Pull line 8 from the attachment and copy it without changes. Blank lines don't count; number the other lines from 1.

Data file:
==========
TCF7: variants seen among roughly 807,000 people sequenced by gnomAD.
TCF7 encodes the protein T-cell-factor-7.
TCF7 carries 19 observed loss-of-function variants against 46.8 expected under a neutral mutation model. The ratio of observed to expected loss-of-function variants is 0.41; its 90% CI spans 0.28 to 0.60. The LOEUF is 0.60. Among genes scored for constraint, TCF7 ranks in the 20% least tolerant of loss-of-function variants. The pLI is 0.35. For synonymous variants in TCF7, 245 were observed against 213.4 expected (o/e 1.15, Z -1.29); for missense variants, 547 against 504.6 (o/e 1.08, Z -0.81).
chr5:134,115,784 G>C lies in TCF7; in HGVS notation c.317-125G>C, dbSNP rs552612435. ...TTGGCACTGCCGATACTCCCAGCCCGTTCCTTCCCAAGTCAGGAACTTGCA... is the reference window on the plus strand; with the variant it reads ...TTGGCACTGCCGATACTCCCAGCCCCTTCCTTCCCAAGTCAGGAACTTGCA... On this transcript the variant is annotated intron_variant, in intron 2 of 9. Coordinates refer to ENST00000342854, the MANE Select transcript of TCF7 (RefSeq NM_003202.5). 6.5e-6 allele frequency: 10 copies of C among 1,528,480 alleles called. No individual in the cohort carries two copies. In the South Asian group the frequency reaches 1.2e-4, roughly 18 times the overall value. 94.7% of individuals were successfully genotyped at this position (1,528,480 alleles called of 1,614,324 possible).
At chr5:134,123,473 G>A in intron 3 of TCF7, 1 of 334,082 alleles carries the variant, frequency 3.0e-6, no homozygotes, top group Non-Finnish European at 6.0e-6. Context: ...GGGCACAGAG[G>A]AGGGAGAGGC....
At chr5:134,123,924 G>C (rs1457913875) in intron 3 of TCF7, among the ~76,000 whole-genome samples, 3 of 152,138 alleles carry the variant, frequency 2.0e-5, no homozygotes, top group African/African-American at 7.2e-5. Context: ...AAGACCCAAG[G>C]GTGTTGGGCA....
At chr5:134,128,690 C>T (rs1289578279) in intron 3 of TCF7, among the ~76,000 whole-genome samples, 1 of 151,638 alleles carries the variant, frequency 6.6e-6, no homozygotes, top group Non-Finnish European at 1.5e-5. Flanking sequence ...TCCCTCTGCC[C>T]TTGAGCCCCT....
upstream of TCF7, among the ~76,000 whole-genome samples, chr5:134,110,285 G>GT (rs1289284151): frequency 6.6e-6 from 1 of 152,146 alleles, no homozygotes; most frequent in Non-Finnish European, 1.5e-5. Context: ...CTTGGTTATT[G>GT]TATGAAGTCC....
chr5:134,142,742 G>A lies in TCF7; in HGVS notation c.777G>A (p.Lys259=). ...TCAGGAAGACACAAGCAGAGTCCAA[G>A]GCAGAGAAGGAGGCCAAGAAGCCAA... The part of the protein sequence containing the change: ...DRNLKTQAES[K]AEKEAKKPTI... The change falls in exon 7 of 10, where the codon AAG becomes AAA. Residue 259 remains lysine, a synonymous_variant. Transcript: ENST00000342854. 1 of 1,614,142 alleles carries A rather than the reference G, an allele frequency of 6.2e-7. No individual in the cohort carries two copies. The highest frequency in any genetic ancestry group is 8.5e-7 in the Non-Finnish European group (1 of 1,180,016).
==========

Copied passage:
upstream of TCF7, among the ~76,000 whole-genome samples, chr5:134,110,285 G>GT (rs1289284151): frequency 6.6e-6 from 1 of 152,146 alleles, no homozygotes; most frequent in Non-Finnish European, 1.5e-5. Context: ...CTTGGTTATT[G>GT]TATGAAGTCC....